Thursday, March 24, 2016

© Sonnet 21: Some Days Life’s As Stagnant As Pond Scum

So, what makes a poem a sonnet?

Generally, it is a poem containing fourteen lines of iambic pentameter. Iambic pentameter is a line of verse with five metrical feet, each consisting of one short (or unstressed) syllable followed by one long (or stressed) syllable; for example: “Two households, both alike in dignity”.

Traditionally, sonnets have been classified into groups based on the rhyme scheme. William Shakespeare wrote his sonnets to rhyme: abab cdcd efef gg.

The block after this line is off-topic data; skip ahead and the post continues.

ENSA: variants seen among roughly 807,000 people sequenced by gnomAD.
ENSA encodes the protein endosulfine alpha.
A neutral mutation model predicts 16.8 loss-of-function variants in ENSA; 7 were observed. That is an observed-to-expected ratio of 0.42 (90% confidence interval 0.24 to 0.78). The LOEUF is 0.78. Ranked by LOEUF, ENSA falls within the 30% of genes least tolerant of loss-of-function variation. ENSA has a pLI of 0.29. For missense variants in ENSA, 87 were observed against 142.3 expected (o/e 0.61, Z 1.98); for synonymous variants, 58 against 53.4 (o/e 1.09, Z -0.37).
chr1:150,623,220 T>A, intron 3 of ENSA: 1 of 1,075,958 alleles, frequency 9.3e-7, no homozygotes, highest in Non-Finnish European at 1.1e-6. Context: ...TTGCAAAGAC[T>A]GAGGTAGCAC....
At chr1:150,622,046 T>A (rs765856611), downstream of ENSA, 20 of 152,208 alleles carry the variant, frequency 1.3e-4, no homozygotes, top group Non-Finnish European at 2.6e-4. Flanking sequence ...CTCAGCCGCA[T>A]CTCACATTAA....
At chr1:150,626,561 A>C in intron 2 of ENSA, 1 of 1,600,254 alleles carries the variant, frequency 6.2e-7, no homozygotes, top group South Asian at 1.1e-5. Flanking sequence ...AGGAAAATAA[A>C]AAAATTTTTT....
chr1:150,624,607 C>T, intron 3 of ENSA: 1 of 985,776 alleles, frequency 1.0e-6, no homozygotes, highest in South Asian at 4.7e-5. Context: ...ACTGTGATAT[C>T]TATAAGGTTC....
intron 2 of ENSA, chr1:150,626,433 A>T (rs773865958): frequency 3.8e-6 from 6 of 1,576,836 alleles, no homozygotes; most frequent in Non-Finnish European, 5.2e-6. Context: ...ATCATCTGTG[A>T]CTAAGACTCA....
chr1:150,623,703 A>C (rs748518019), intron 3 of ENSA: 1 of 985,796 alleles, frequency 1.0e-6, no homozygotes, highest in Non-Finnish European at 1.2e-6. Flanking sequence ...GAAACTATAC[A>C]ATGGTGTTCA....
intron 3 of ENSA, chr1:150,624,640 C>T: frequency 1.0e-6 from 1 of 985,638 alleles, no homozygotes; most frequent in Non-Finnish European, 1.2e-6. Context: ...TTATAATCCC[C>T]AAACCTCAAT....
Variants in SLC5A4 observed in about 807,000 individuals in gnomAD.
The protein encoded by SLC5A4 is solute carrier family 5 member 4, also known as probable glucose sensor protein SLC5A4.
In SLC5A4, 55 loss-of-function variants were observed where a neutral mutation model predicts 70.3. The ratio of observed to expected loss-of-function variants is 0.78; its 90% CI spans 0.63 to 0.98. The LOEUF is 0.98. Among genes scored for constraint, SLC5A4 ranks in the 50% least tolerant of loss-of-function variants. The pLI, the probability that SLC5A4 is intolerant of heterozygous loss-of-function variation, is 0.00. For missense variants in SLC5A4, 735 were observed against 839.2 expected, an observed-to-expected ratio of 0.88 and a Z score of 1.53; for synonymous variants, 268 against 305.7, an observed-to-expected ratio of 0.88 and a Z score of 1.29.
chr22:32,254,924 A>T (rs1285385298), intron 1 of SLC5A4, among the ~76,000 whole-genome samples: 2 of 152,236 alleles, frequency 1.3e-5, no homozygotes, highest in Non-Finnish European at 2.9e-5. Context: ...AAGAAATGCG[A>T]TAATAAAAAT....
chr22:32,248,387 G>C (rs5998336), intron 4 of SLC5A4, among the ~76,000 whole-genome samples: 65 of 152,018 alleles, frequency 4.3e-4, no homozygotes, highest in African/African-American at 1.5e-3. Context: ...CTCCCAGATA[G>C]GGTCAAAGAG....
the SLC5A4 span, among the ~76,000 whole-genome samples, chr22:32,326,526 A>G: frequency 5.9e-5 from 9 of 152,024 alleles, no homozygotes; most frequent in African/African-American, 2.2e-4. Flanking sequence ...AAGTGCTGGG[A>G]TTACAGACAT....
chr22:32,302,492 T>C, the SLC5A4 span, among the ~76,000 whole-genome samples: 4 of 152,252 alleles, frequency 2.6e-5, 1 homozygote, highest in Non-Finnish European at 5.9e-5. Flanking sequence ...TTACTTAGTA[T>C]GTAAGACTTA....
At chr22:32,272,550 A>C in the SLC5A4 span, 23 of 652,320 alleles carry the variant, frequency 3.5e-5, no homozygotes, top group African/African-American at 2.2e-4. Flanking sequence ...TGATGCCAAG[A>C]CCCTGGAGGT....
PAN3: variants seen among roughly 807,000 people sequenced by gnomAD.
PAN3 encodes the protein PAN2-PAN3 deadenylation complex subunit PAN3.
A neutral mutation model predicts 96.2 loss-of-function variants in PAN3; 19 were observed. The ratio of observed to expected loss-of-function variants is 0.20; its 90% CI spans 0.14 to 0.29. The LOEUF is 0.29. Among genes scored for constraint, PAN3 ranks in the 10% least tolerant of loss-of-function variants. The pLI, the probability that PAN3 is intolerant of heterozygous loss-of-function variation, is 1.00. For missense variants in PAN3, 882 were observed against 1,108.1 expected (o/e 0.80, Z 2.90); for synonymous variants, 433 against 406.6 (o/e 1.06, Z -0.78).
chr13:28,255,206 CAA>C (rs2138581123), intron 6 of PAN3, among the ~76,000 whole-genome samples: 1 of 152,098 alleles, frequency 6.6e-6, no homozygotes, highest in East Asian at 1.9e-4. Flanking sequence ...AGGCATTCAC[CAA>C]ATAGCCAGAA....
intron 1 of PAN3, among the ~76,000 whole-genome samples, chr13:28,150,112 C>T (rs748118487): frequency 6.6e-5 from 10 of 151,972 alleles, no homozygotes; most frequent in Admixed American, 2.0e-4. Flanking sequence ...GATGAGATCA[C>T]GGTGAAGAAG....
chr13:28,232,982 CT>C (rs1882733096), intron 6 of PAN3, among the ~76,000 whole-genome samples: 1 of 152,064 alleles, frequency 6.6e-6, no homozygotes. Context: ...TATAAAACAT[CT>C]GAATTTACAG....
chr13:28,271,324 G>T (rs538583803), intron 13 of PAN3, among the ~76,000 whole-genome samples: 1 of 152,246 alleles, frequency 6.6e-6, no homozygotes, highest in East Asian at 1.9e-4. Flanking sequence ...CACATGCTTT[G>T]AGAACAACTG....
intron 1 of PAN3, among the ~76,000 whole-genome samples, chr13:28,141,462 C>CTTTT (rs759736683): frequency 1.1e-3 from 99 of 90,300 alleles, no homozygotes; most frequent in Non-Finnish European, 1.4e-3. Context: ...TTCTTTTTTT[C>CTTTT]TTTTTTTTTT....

Sonnets that follow this rhyming scheme are called Shakespearean sonnets.

I share with you my Shakespearean sonnet.

© Sonnet 21: Some Days Life’s As Stagnant As Pond Scum
Mimi Wolske
All Rights Reserved

There’s something that’s making me insecure;
Your thoughtless love’s undone by your hand.
I question if ever you think I'll endure.
Life’s stagnant and I’m sinking in sand;
You’re shallow and quiet, a most still pond.
I, therefore, must travel to you; you see?
If never we shall meet, how shall we bond?
Who’s able to prevent pond scum on me?
The problem is never that I doubt you;
I’ve almost all needed tools, except faith
You’ll ever own needed vows that ring true.
Be assured; I’m seduced not by your wraith.
And although there isn’t credence in words,

I believe we’ll abide life as two nerds.